These are also all-around cartridges for CXP2 and CXP3 class game. But they kick and bellow significantly more than the .30-06 class cartridges. .300 and 8mm Magnums include the .300 Rem. SAUM, .300 WSM, .300 H&H Magnum, .308 Norma Magnum, .300 Winchester Magnum, .300 Dakota, .300 Weatherby Magnum, .300 Ultra Mag., .325 WSM, 8x68S, and 8mm Remington Magnum among others.

These are essentially long range cartridges. They won't take larger game than a .30-06, but they will kill the same animal humanely at longer range.

Lightweight rifles should never be chambered for any .300 Magnum or 8mm Magnum caliber, although some are. Firing a .300 Magnum cartridge in a 7 pound rifle would make a wooden Indian flinch. .300 and 8mm Magnum rifles typically weigh around 8.5 pounds, although 9 to 9.5 pounds is better. The "Super Magnums," such as the .300 Ultra Mag., .300 Weatherby Magnum, and 8mm Remington Magnum, should weigh 9.5 pounds.

Many .300 and 8mm Magnum rifles today come with 24" tubes, and a few are even shorter. Weatherby rifles in .300 Win. Mag. come with 24" barrels, while .300 Weatherby Mag. rifles come with 26" barrels, and .30-378 Weatherby rifles come with 28" barrels. This is as it should be; Weatherby knows magnum rifles. Stick with the longer barrels, as performance is seriously degraded and muzzle blast elevated even for the short and standard length magnums in barrels shorter than 24".

The muzzle blast from these calibers is wicked. It is not fun to be at the shooting bench next to someone shooting a .300 Mag. I can tell no difference between a .300 Mag., an 8mm Mag., and a .338 Mag. in terms of muzzle blast. I would rate the muzzle blast as "heavy."

Recoil is probably the biggest concern with any .300 or 8mm Magnum, and particularly with the Super Magnums, which are very unpleasant to shoot. Perfect stock fit is paramount. It is not easy to hit a medium size animal precisely at long range (in excess of 300 yards, let's say), and it becomes a lot more difficult with a rifle that kicks hard. As big game guides have learned, most shooters simply cannot shoot their big case .30's accurately; they simply cannot concentrate on the fundamentals of trigger release and sight picture with that much recoil looming over them.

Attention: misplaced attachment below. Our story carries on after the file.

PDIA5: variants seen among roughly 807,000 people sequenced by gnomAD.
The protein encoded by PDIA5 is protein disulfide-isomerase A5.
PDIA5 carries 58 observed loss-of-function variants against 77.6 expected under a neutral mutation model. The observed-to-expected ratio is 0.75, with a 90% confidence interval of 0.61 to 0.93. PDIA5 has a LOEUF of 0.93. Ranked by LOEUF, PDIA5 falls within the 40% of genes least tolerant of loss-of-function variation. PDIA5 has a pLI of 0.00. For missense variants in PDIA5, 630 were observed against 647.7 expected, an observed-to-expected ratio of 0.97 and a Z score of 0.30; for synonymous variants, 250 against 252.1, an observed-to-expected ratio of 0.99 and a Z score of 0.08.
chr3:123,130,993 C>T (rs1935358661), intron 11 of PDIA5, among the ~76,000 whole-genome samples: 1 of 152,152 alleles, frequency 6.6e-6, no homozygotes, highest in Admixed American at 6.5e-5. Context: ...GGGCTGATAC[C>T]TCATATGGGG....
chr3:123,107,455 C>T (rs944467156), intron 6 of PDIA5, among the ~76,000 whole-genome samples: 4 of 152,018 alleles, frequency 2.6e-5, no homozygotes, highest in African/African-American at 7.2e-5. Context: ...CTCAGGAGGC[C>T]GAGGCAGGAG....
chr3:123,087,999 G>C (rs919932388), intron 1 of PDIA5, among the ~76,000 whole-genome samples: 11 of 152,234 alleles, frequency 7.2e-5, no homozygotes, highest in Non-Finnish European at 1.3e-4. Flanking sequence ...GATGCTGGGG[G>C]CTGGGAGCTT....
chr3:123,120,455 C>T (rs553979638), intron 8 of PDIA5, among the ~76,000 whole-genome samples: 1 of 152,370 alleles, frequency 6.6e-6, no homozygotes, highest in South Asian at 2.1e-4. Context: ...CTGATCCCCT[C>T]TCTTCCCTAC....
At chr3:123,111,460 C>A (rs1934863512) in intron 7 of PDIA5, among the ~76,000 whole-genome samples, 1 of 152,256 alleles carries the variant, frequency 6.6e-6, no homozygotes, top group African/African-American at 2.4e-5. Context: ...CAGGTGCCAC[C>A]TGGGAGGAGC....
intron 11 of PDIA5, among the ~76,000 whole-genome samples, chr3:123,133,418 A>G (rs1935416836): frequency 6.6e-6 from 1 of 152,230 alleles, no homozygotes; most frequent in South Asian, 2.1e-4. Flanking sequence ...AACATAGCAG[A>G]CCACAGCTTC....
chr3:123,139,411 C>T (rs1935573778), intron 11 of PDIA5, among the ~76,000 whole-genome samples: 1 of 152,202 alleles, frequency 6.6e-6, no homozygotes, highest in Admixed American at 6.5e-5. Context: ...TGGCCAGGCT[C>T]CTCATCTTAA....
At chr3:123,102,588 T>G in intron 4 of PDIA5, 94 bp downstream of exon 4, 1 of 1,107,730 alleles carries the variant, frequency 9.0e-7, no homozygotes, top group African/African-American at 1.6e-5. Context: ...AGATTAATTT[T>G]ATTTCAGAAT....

180 grain bullets are the most popular weight in the .300's, and 200 grain bullets seen popular in the 8mm's. Recoil for the short and standard length magnums runs around 25 to 27 ft. lbs. in rifles of normal weight. The .300 Ultra Mag, .300 Weatherby and the 8mm Magnums all belt the shooter with 29 to 39 ft. lbs. of recoil energy. The biggest of the .300 Magnums, the .30-378 Weatherby, comes in with around 55 ft. lbs. of recoil.

VIII. Medium bore magnum cartridges

These are the .33 to .38 calibers. Reasonably well known examples include the .338 Winchester Magnum, .338 Ultra Mag, .338 Lapua, .338-378 Weatherby Magnum, .340 Weatherby Magnum, .350 Remington Magnum, .358 Norma Magnum, 9.3x62, 9.3x74R, .375 H&H Magnum, .375 Weatherby Magnum, .375 Ultra Mag, and the fearsome .378 Weatherby Magnum.

These cartridges are intended for large, heavy game (CXP3). In a pinch they can be used on dangerous CXP4 game, and have been many times over. The .375 H&H Magnum is undoubtedly the world's most popular buffalo cartridge. In Alaska and Northern Canada the .338 Win. Mag. is the favorite caliber of guides who must protect their clients from angry grizzly, polar, and brown bears--the largest predators on earth. Rifles for these cartridges should be as heavy as the hunter can stand to carry. I would consider 9.5 pounds the minimum practical weight, although the smaller cartridges normally come in lighter rifles, some down around 8 pounds. Barrels generally run 22" to 28" depending on caliber; the higher velocity numbers need the longer barrels.